The right to express one’s opinions, however repugnant they might be, is almost unlimited in Hungary. The lawmakers consciously copied the American practice in this regard. The U.S. Supreme Court in 1919 (Schenck versus United States) in the words of Oliver Wendell Holmes, Jr. stated: "The question in every case is whether the words used are used in such circumstances and are of such a nature as to create a clear and present danger that they will bring about the substantive evils that Congress has a right to prevent." In plain language, unless there is a clear danger of immediate, substantive, evil results, a person can say anything his heart desires. In practical terms, if an "orator" in front of even thousands of people says hateful things about Jews, Gypsies, whomever, he can do so. According to U.S. law, however, if he exhorts his listeners to take up arms, follow him, and kill the appointed target, this speech is not protected.
In Hungary, hate speech against a group is protected speech. Only those persons mentioned specifically by name can bring civil action in a case involving an attack on human dignity. Thus, if a rabblerouser gets on a podium and rants in unspeakable terms about Jews or Gypsies in general, no one belonging to these groups can do anything about it. This is what the Hungarian government would like to change: an individual belonging to a group could sue even if he is not specifically mentioned by name. The president doesn’t know yet whether he would sign such a law. It all depends on whether he finds the new law constitutional. And knowing the Hungarian constitutional scholars, judges, and the president himself, it is very possible that the answer will be negative.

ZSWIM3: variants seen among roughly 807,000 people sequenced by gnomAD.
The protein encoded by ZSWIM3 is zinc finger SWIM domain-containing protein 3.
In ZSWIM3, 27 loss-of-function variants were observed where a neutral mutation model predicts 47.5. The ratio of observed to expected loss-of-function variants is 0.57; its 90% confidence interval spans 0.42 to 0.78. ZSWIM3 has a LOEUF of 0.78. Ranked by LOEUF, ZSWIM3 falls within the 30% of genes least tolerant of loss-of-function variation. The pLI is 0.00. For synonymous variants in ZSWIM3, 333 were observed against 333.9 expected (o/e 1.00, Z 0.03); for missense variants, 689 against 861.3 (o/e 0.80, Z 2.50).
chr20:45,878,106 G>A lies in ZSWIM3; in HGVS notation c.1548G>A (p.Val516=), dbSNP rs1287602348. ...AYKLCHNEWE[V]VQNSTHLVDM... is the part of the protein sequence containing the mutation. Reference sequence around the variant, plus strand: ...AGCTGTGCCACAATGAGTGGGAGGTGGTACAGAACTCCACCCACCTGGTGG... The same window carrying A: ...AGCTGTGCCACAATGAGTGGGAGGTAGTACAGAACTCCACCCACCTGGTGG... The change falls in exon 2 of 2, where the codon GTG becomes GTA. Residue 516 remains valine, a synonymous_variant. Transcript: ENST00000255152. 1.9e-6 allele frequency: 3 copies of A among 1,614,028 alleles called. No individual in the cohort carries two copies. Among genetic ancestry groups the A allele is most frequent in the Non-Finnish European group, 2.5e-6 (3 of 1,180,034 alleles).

And now let’s examine an interesting case. The culprit again is Lóránt Hegedűs, Jr. I am not going to go into details of his background because I talked about the whole family at length in my blog, "Churches and politics: The case of Budakeszi" (August 1, 2007). Suffice to say that he is a Calvinist minister in charge of one of the largest congregations in Pest, strategically located on Szabadság Square downtown, close to Parliament. The members of the congregation seem to be people who sympathize with the radical right. From the strange outfits, military uniforms of unknown origin, the excited clappings at every antisemitic remark, it is clear to me that this crowd belongs to that relatively small group of people whom I called the "lunatic fringe." But interestingly enough, they look so normal. With the notable exception of the strange uniforms. I highly recommend that you listen to the good minister’s speech (http://tinyurl.com/2hxzhj). Christian love is conspicuously missing.
The occasion was October 23 and the unveiling of four busts: those of Kossuth, Horthy, the writer Dezső Szabó (more about him further down), and Albert Wass, another writer. Kossuth doesn’t quite belong to this conservative-right radical group, and I’m a bit puzzled why our Calvinist minister picked him.